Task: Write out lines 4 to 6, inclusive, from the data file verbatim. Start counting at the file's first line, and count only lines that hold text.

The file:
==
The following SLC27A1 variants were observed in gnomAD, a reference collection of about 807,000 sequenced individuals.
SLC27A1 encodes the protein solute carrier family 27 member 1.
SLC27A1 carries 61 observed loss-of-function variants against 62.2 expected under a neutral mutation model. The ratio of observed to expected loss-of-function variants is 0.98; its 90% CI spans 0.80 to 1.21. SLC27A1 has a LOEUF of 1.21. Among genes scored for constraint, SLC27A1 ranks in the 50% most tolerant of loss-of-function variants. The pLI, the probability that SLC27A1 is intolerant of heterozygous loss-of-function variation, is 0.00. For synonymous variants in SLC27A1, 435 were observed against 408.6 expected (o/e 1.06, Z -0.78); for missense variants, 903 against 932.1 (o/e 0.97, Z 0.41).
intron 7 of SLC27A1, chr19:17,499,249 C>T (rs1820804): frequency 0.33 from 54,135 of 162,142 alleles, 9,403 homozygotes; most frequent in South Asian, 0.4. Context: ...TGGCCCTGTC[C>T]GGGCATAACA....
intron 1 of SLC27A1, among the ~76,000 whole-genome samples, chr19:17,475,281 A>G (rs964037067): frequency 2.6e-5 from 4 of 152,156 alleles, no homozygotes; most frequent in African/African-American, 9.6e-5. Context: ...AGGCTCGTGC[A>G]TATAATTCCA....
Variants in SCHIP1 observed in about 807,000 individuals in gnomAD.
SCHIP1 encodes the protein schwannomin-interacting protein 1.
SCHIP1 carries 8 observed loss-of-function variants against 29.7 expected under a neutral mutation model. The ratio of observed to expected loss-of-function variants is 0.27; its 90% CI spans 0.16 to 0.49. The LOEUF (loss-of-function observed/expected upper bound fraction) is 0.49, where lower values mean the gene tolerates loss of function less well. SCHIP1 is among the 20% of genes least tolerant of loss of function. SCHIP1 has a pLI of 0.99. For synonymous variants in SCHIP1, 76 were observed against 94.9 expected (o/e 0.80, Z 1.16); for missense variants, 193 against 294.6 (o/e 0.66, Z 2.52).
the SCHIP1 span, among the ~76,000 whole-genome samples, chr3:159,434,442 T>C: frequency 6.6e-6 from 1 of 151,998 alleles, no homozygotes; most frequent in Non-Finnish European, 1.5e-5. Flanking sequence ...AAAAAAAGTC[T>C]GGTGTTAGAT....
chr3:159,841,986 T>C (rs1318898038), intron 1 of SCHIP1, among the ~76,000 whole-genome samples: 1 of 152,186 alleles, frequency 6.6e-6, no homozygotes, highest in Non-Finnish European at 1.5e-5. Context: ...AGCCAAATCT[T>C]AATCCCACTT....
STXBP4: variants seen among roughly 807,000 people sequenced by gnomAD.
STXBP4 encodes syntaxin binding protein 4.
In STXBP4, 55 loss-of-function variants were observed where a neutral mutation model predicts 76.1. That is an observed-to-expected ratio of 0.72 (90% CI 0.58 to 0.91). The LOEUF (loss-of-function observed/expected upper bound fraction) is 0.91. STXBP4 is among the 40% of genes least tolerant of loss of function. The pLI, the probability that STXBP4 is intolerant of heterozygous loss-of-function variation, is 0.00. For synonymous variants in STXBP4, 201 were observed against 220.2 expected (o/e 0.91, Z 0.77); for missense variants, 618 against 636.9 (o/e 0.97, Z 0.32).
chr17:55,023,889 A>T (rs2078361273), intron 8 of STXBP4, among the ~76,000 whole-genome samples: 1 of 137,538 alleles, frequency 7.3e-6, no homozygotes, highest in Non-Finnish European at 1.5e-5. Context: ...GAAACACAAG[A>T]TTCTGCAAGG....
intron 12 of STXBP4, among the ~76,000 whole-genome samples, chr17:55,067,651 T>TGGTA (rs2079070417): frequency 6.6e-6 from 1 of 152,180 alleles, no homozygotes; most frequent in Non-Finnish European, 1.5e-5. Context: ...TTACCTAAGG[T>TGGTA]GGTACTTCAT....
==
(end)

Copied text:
intron 7 of SLC27A1, chr19:17,499,249 C>T (rs1820804): frequency 0.33 from 54,135 of 162,142 alleles, 9,403 homozygotes; most frequent in South Asian, 0.4. Context: ...TGGCCCTGTC[C>T]GGGCATAACA....
intron 1 of SLC27A1, among the ~76,000 whole-genome samples, chr19:17,475,281 A>G (rs964037067): frequency 2.6e-5 from 4 of 152,156 alleles, no homozygotes; most frequent in African/African-American, 9.6e-5. Context: ...AGGCTCGTGC[A>G]TATAATTCCA....
Variants in SCHIP1 observed in about 807,000 individuals in gnomAD.